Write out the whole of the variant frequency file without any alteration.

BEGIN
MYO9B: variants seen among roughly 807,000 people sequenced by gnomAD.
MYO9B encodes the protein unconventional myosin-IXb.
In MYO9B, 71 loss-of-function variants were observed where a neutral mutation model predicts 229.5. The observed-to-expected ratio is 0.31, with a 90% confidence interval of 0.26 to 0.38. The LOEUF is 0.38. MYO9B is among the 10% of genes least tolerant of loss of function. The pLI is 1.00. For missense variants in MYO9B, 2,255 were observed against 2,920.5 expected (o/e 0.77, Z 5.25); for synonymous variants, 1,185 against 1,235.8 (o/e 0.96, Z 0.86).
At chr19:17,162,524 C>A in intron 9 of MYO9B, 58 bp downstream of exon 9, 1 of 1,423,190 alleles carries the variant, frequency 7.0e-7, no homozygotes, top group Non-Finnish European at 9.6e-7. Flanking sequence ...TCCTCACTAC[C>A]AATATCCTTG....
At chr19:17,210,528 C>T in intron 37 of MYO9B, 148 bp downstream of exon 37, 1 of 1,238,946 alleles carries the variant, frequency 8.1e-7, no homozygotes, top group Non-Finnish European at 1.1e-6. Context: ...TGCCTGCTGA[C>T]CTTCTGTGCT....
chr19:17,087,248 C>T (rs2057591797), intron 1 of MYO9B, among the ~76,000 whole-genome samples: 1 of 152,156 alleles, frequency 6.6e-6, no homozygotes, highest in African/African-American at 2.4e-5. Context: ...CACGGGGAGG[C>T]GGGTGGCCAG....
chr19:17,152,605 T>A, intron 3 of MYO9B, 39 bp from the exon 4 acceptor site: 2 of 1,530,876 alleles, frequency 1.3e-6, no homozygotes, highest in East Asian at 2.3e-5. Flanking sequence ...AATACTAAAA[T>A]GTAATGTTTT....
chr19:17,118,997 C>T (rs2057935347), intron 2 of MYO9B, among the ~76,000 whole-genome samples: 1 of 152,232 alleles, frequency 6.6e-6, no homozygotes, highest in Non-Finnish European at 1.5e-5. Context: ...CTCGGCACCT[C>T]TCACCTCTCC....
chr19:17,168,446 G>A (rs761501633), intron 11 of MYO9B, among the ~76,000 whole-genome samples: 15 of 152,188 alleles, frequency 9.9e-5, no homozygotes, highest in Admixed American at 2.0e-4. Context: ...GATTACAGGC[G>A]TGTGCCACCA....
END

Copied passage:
MYO9B: variants seen among roughly 807,000 people sequenced by gnomAD.
MYO9B encodes the protein unconventional myosin-IXb.
In MYO9B, 71 loss-of-function variants were observed where a neutral mutation model predicts 229.5. The observed-to-expected ratio is 0.31, with a 90% confidence interval of 0.26 to 0.38. The LOEUF is 0.38. MYO9B is among the 10% of genes least tolerant of loss of function. The pLI is 1.00. For missense variants in MYO9B, 2,255 were observed against 2,920.5 expected (o/e 0.77, Z 5.25); for synonymous variants, 1,185 against 1,235.8 (o/e 0.96, Z 0.86).
At chr19:17,162,524 C>A in intron 9 of MYO9B, 58 bp downstream of exon 9, 1 of 1,423,190 alleles carries the variant, frequency 7.0e-7, no homozygotes, top group Non-Finnish European at 9.6e-7. Flanking sequence ...TCCTCACTAC[C>A]AATATCCTTG....
At chr19:17,210,528 C>T in intron 37 of MYO9B, 148 bp downstream of exon 37, 1 of 1,238,946 alleles carries the variant, frequency 8.1e-7, no homozygotes, top group Non-Finnish European at 1.1e-6. Context: ...TGCCTGCTGA[C>T]CTTCTGTGCT....
chr19:17,087,248 C>T (rs2057591797), intron 1 of MYO9B, among the ~76,000 whole-genome samples: 1 of 152,156 alleles, frequency 6.6e-6, no homozygotes, highest in African/African-American at 2.4e-5. Context: ...CACGGGGAGG[C>T]GGGTGGCCAG....
chr19:17,152,605 T>A, intron 3 of MYO9B, 39 bp from the exon 4 acceptor site: 2 of 1,530,876 alleles, frequency 1.3e-6, no homozygotes, highest in East Asian at 2.3e-5. Flanking sequence ...AATACTAAAA[T>A]GTAATGTTTT....
chr19:17,118,997 C>T (rs2057935347), intron 2 of MYO9B, among the ~76,000 whole-genome samples: 1 of 152,232 alleles, frequency 6.6e-6, no homozygotes, highest in Non-Finnish European at 1.5e-5. Context: ...CTCGGCACCT[C>T]TCACCTCTCC....
chr19:17,168,446 G>A (rs761501633), intron 11 of MYO9B, among the ~76,000 whole-genome samples: 15 of 152,188 alleles, frequency 9.9e-5, no homozygotes, highest in Admixed American at 2.0e-4. Context: ...GATTACAGGC[G>A]TGTGCCACCA....